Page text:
Conor McGregor does not have as good a record in the Octagon as Khabib Nurmagomedov, nor does he have a particularly great one out of it.
Nurmagomedov is now 27-0 as a mixed martial artist while McGregor suffered on Saturday night his fourth career defeat.
The last two years of the Irishman’s life, during which he made more money than ever before and started a family with his long-term partner Dee Devlin, were blighted by a New York court case. The incident, in which he attacked a bus carrying Nurmgomedov and his team, saw him emerge with a period of enforced community service and anger management classes.
It was not a savoury way for the 30-year-old, who before Saturday had not fought in his native UFC for nearly two years, to keep himself in the public eye - even if it was an effective one. But it was not good for UFC’s image.
McGregor fighting where he is supposed to clearly is good for the franchise’s image. There are not many sports stars more popular than McGregor inside or outside the sport with which he has become synonymous. He is a monumental figure with an Instagram following to match; his reach, glamour and popularity make him eminently marketable.
Add to that a foray into the more mainstream sport of boxing against a man whose career combined an unbeaten record and a taste for big money - Floyd Mayweather - and you’ve got yourself someone who should be able to carry any sport to the top of every website.
But mixed martial arts has not done that. “Cage-fighting” - as it will always be called by so many - still has an enormous image problem which it will have to crack if it wants to become truly mainstream. It is, by its very nature, violent, brutal and at times horrifically bloody.
But it can also teach a number of valuable skills. It combines elements of so many martial arts that rely on its exponents to study, to show discipline and self-control. There is no doubting that someone like McGregor, when he gets into the Octagon, has these character strengths. His fighting record proves it. His criminal record disproves it.
And on Saturday night in Las Vegas, UFC once again proved why it still has so far to go to reach a point where it can produce the kind of revenue its biggest star currently has to switch codes to boxing to generate.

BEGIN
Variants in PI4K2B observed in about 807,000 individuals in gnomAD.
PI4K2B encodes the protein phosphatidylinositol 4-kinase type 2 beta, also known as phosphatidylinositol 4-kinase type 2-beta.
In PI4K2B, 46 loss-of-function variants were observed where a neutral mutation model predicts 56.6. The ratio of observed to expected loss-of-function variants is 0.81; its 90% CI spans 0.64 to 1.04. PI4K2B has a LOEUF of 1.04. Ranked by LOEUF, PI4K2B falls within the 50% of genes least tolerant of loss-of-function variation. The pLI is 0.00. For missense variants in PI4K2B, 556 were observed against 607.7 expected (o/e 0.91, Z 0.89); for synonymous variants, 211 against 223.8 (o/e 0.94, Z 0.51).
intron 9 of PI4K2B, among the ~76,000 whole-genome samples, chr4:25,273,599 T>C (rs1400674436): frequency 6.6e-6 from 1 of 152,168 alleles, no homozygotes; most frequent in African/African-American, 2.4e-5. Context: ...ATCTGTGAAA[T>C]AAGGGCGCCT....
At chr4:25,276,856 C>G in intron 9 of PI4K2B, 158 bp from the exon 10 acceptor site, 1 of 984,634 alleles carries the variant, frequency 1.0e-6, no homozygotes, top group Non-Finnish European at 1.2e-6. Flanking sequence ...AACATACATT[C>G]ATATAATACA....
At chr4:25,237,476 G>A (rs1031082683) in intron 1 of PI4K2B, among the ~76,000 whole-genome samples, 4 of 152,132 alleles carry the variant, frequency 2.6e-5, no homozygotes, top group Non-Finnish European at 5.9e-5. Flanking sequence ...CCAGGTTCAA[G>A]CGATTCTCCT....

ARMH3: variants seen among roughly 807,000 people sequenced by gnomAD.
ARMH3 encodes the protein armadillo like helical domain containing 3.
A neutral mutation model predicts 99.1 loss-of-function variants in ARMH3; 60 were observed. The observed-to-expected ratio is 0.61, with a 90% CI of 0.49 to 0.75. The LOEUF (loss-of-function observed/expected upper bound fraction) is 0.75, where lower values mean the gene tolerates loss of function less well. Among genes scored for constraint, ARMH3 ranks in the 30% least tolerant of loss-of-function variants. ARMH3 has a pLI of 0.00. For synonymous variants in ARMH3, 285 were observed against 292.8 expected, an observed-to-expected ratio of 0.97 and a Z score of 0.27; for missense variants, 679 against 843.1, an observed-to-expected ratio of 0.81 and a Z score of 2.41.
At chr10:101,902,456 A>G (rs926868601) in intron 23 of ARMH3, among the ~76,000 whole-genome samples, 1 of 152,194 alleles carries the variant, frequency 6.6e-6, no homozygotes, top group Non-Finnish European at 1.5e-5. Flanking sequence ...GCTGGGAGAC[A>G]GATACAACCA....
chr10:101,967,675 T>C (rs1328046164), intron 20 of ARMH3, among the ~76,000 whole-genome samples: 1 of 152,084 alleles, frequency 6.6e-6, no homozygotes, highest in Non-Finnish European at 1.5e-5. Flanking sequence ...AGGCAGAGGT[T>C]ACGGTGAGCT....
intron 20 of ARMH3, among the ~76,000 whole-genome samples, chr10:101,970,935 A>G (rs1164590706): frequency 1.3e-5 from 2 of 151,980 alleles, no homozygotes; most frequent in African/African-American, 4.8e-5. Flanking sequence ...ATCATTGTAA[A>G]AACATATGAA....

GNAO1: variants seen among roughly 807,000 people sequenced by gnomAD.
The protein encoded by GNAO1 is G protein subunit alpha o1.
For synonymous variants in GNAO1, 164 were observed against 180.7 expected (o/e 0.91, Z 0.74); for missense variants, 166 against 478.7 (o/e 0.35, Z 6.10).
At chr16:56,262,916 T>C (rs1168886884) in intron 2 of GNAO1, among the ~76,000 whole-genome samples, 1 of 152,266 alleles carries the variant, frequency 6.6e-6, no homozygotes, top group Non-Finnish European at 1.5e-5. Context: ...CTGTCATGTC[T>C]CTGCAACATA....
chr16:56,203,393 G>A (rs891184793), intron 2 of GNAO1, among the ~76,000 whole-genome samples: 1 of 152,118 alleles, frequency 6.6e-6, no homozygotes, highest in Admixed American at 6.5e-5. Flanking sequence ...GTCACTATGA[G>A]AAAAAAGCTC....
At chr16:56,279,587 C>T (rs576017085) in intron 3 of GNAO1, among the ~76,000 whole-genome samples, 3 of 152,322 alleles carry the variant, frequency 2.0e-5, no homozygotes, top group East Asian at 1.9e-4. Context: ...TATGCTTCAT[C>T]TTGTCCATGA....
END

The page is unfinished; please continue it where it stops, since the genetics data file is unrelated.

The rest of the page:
The fight itself had plenty of merit. It was an important fight, one that McGregor was right to take. It was one of the best strikers against a man with a relentless engine and stellar ground game. Tactically, it was an intriguing match-up, even to the layman. It proved as much - but what followed forced it into insignificance.
Nurmagomedov, having successfully defended his lightweight title by way of a fourth-round submission, should have sat on top of the fence and held the belt aloft. A Russian fighting in Vegas, he was not a popular winner but would have received the adulation of a crowd impressed by his remarkable stamina and ground skills.
That’s what should have happened. But just like when McGregor raised the stakes, Nurmagomedov’s biggest mistake came outside the Octagon. He leaped over the fence and made for McGregor’s team, prompting a melee that led to three arrests and spilled back inside the Octagon towards McGregor himself. By the time the official result was announced, both fighters had been whisked out of the arena.
“I actually think the police and security did an incredible job,” said UFC chief Dana White. But it was a job they should never have had to do.
Mixed martial arts has got a chance in the UK. Thanks to the work of the Team GB Olympic boxing set-up and the fighters they have produced like Anthony Joshua, and promoters like Eddie Hearn and Frank Warren, boxing has experienced an unprecedented rejuvenation. The British public are ready to accept combat sports as part of the traditional sporting calendar.
But while UFC continues to make headlines for all the wrong reasons, mixed marital arts will be destined to remain on the fringes, fighting with itself.